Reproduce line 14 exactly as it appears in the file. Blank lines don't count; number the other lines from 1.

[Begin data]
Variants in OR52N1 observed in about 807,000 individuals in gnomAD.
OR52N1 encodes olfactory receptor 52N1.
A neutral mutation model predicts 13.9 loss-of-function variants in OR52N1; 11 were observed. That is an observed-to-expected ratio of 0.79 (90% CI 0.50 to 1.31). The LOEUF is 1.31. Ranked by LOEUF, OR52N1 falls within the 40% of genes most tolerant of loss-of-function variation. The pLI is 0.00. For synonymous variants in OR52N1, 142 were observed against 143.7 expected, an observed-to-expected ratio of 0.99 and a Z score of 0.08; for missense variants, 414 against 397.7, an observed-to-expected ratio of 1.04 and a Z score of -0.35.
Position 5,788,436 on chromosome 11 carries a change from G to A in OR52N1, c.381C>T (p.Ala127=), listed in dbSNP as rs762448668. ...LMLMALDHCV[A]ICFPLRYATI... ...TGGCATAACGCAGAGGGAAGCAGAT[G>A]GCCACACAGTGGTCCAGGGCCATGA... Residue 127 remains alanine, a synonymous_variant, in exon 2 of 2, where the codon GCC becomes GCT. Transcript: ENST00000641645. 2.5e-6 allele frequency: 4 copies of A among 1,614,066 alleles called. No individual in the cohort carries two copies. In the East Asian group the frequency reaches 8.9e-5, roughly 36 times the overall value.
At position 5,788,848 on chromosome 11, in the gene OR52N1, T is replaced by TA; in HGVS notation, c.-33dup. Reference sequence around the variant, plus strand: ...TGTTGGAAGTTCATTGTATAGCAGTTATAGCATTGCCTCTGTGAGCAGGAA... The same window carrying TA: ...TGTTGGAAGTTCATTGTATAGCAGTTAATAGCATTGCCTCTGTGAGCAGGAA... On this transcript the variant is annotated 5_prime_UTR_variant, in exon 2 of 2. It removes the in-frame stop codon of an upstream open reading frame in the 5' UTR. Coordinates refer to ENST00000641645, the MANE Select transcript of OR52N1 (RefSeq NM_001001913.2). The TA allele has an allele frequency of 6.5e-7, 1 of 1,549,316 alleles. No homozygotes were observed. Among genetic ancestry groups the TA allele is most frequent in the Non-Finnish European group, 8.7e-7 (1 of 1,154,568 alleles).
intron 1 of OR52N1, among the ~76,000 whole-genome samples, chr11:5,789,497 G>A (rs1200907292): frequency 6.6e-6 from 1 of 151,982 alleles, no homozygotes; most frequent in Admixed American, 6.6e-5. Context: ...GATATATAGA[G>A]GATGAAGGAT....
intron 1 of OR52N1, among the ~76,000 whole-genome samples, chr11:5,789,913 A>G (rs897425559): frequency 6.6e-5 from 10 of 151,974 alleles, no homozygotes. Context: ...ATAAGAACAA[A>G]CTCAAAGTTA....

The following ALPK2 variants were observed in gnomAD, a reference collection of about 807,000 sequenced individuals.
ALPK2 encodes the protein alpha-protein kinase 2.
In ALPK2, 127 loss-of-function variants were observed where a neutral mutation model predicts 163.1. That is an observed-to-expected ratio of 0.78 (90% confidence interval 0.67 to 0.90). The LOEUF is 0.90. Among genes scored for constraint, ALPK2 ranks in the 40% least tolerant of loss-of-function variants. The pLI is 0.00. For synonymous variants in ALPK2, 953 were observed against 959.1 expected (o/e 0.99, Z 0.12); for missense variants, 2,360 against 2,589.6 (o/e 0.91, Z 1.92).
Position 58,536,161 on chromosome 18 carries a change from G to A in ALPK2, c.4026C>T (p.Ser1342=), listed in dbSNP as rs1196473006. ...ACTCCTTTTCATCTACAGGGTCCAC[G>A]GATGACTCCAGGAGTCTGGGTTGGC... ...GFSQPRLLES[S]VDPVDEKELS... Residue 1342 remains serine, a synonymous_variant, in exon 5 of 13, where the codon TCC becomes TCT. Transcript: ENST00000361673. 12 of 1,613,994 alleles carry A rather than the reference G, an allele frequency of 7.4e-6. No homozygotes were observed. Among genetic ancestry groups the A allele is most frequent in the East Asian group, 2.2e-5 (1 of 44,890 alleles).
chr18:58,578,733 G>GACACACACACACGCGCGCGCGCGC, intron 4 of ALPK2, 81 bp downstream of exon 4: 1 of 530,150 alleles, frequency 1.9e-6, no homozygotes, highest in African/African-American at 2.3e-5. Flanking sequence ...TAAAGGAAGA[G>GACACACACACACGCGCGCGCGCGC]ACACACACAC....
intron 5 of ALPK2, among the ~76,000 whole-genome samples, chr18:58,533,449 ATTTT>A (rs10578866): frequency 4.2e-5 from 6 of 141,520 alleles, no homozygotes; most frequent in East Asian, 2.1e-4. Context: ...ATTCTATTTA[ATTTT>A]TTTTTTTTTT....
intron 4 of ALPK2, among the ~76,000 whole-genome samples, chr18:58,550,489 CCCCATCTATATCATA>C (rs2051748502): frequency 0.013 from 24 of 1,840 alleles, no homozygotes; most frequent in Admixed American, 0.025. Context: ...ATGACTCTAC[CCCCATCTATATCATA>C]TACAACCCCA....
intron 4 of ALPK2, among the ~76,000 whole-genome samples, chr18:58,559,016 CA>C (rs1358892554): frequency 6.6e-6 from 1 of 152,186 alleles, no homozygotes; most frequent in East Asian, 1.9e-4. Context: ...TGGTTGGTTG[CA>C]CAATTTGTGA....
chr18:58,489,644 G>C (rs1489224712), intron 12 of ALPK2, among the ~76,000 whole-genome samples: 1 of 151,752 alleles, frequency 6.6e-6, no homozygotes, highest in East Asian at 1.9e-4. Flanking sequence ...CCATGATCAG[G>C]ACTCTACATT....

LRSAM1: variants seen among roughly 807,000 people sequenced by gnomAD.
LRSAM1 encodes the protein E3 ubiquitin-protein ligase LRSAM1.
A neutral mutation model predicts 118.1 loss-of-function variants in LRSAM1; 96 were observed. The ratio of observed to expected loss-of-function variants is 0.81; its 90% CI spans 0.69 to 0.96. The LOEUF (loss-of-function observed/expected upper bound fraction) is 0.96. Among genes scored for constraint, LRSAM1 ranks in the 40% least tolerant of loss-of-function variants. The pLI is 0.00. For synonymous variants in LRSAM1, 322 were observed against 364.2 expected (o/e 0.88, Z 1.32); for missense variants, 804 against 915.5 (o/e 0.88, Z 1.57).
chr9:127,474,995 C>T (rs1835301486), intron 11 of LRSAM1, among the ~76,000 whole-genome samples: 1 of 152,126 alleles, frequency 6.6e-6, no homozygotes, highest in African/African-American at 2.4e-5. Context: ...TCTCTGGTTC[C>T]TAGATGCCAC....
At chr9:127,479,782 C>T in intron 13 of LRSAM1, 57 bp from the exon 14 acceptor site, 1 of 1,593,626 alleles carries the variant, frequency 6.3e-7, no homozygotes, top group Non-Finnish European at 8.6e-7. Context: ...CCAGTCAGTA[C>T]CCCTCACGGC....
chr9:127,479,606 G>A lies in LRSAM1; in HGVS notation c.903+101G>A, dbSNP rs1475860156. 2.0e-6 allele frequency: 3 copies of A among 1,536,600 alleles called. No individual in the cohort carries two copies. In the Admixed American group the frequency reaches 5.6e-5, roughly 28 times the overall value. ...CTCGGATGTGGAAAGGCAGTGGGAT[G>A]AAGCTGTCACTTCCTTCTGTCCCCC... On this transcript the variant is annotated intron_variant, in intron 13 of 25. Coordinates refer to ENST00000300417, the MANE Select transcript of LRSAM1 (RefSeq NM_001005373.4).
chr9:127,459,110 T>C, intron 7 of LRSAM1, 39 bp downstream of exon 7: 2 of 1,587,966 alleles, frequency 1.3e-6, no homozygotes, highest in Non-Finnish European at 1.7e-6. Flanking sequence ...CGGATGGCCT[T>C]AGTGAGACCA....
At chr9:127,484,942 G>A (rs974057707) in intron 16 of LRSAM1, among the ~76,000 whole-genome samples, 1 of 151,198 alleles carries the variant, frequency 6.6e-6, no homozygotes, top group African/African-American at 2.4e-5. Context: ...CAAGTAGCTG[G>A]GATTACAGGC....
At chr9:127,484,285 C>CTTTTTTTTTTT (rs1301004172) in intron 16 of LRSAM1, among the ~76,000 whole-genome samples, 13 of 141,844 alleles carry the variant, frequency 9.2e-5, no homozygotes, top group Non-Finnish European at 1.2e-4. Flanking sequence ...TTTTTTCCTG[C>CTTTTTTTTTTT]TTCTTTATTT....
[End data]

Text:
intron 4 of ALPK2, among the ~76,000 whole-genome samples, chr18:58,550,489 CCCCATCTATATCATA>C (rs2051748502): frequency 0.013 from 24 of 1,840 alleles, no homozygotes; most frequent in Admixed American, 0.025. Context: ...ATGACTCTAC[CCCCATCTATATCATA>C]TACAACCCCA....